The Bearkeeper’s Daughter by Gillian Bradshaw
Houghton Mifflin, 1st printing, 1987
Genre: historical fiction
Synopsis & Review: In the year of the plague, a young man comes to Constantinople, seeking an audience with the Empress. He is allowed in for one reason, and that reason is that he claims to be her son. Years before she married Justinian, Theodora was an actress and sometime prostitute; one of her protectors, Diodoros of Bostra, raised the son she bore him. An upon his deathbed, he confessed John of Bostra’s origins to him. At loose ends, John has come to Constantinople seeking the truth–and he finds it. Theodora welcomes him in secret, granting him clothes, lodging, finding him an excellent job under Narses, Justinian’s head chamberlain. The one catch is that though she sponsors him, Theodora must keep John a secret in order to protect both herself and him. She presents him as a cousin from the respectable side of her father’s family, and the lie passes–for a time. As John works under Narses first in the palace, and then in the field in Thrace, he proves himself intelligent, hardworking, and extremely capable, catching the attention of both the Emperor and rival factions. An older man, Justinian wonders about a young man rising so quickly under his wife’s sponsorship, and John’s future is threatened.
This was one of the books I received from California (a friend was getting ready to move to NJ, and offered to send me whatever I wanted for the cost of shipping. Score!). As I went over her list of books, I looked up titles with which I was unfamiliar on Amazon, and The Bearkeeper’s Daughter sounded intriguing. After finishing it, I must say that I’m amused by the reviews on Amazon complaining that it should be called The Bearkeeper’s Grandson or something like, insisting that it was not actually about Theodora. What a crock.
What Bradshaw has done in The Bearkeeper’s Daughter is to bring a completely foreign world alive through the eyes of an outsider, that being John. Theodora is not just a major component of sixth century Byzantium, but the driving force in John’s life, from his origins as a bastard, taunted by his stepmother and legitimate half-brothers, to his rise under Theodora’s benevolent yet ambitious hand. Bradshaw brings the worldly, clever, passionate Theodora alive in John’s eyes, flaws and all. John, too, is multidimensional, at once perceptive and sensitive, even self-effacing, but also snobbish. As he climbs via his own competence and skill, his confidence gradually increases, as does his self-knowledge. Secondary characters are fully fleshed as well; it is refreshing to read fully realized characters in historical fiction, rather than tropes.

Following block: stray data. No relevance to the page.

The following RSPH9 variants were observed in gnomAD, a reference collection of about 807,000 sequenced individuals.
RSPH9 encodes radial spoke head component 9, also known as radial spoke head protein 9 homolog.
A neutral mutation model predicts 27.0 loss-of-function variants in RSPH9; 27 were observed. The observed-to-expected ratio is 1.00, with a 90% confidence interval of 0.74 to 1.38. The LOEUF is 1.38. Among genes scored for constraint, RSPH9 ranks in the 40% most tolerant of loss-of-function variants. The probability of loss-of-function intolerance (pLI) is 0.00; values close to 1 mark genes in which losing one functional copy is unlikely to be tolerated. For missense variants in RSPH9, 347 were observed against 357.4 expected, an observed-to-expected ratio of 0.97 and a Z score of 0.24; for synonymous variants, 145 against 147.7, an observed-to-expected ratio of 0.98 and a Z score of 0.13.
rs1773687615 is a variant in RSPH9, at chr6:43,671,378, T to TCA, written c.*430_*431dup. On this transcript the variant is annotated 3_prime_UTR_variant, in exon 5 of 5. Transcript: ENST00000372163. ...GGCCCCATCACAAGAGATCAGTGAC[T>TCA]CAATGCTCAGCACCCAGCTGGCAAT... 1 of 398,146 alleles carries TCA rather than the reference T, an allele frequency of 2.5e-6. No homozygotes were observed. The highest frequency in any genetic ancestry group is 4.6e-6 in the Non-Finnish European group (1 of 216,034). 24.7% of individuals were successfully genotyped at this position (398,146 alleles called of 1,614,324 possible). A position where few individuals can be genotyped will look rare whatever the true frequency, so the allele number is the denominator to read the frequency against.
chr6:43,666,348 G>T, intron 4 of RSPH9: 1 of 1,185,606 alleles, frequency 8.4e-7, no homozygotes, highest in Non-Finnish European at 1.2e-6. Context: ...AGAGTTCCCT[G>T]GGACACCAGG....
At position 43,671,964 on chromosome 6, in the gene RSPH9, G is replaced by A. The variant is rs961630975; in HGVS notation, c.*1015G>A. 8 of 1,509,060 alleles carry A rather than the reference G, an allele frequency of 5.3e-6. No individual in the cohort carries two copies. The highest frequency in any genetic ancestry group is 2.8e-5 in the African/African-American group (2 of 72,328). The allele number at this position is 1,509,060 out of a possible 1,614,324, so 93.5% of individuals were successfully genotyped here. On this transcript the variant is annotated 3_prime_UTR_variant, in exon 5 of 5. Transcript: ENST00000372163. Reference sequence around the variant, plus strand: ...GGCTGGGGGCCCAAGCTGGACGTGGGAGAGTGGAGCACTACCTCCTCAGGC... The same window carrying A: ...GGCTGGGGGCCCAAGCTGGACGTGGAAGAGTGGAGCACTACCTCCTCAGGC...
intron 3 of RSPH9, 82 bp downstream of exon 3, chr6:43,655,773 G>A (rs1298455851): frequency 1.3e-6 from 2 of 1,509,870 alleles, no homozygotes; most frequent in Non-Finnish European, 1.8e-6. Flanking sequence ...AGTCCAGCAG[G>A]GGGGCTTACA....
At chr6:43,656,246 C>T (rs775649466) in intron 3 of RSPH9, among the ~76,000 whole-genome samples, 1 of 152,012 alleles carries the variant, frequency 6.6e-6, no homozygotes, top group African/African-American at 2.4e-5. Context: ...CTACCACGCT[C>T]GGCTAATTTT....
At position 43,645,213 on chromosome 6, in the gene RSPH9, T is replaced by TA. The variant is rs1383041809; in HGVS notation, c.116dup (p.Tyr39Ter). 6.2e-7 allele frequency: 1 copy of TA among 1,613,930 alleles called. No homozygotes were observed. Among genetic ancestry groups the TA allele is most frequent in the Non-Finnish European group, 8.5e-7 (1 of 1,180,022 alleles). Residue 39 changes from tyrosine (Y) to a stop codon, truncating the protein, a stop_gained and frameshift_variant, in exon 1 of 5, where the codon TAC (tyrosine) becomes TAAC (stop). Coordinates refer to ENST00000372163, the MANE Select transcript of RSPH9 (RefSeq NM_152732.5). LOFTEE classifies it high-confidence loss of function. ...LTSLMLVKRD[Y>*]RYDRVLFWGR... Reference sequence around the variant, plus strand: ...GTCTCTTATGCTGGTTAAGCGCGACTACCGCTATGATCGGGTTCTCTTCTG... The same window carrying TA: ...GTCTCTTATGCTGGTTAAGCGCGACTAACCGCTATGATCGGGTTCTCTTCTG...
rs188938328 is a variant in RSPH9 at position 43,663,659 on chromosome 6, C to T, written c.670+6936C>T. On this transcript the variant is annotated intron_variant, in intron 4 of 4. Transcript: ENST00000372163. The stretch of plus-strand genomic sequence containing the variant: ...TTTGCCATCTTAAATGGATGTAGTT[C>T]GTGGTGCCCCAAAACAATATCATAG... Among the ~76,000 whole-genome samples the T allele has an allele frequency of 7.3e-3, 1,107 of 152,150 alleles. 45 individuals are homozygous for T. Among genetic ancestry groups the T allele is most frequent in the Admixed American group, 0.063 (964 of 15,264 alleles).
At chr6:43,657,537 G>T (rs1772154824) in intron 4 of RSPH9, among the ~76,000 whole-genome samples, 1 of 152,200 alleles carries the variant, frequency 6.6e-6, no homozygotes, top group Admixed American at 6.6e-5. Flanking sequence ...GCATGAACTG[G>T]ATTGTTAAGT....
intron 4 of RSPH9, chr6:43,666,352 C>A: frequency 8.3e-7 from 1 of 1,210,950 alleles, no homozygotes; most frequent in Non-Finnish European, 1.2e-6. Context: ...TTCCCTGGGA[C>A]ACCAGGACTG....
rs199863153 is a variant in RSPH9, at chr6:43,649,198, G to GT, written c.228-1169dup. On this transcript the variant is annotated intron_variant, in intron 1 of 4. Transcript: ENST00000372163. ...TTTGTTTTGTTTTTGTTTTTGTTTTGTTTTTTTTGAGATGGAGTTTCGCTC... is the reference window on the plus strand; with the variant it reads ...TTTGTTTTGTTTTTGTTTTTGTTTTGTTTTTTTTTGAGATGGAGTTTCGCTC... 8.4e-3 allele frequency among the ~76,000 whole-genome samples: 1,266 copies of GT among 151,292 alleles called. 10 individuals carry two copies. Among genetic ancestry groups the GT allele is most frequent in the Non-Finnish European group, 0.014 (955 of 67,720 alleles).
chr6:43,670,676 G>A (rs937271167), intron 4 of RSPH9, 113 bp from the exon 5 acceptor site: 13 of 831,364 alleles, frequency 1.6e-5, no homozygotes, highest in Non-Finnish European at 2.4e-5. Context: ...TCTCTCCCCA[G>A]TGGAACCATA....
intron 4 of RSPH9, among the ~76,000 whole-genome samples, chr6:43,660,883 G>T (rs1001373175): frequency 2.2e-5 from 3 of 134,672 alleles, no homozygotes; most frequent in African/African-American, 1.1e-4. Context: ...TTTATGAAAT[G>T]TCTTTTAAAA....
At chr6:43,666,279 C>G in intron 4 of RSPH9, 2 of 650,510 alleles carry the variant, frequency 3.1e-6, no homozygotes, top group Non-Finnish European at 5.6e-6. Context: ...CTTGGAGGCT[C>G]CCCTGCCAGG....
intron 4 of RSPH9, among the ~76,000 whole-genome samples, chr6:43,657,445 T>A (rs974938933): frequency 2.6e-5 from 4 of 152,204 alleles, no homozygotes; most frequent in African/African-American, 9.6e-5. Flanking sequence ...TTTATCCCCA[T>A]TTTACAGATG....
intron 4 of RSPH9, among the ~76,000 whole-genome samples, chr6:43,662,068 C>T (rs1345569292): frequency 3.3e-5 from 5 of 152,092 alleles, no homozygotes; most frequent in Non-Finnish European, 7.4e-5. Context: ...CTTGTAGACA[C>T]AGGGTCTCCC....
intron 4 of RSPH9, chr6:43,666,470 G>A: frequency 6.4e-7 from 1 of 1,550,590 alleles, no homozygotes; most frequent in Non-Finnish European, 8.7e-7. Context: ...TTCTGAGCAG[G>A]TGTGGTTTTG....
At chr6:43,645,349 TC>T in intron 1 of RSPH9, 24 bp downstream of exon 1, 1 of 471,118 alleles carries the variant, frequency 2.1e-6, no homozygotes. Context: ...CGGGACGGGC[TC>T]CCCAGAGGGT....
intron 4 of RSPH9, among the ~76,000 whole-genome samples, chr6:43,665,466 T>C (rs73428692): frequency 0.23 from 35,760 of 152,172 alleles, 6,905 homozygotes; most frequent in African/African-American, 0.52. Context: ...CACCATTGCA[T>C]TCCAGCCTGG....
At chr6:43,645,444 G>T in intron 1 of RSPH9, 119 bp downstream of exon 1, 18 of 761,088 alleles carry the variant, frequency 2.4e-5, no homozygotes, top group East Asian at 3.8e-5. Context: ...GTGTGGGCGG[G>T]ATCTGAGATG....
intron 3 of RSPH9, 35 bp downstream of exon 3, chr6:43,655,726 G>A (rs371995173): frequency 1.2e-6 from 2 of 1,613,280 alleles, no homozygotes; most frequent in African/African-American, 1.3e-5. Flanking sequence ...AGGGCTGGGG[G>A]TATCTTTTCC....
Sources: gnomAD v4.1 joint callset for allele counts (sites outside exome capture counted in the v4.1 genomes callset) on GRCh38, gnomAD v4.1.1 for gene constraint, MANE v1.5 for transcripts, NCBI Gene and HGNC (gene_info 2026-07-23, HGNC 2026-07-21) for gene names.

Loosely based on an episode in Procopius’ Secret History, history provides a fascinating but discreet background, allowing John’s story to take center stage. The prose is clear and lucid, the pace quick and compelling. I read a page or two, then put it down to read a few other books (damn you, Emily Giffin!), but when I picked it back up, I sailed right through it. This is excellent, serious historical fiction without a bunch of soap opera crap muddying it up. Definitely recommended, and I will undoubtedly seek out more of Bradshaw’s work.
Cover: Mosaic of Theodora and Justinian from Ravenna. Nice historical touch, though the colors on my copy are a bit dull; restoration of color would have been nice. I like shit flashy!
The picture in the mosaic had been better than he realized: kneeling before her, he saw the empress first, then the woman. The imperial diadem, a band of purple silk stitched with gold and jewels, completely covered her hair and dripped pearls down to her shoulders. Her purple cloak was thickly edged with gold and jewels and fastened with an emerald clasp. Even the long tunic beneath it seemed to be made half of gold. She half sat, half reclined on an elevated couch of purple and ivory–an attitude of indolent grace. But she was leaning forward to study him, and one thin hand held the arm of the couch so tightly that the manicured fingernails had gone white. She saw him notice it, and her lips went white too; the eyes glittered as they moved to the eunuchs who stood motionless behind him, then back. The letter he had given the eunuch lay on the couch beside her.
18 July – 26 July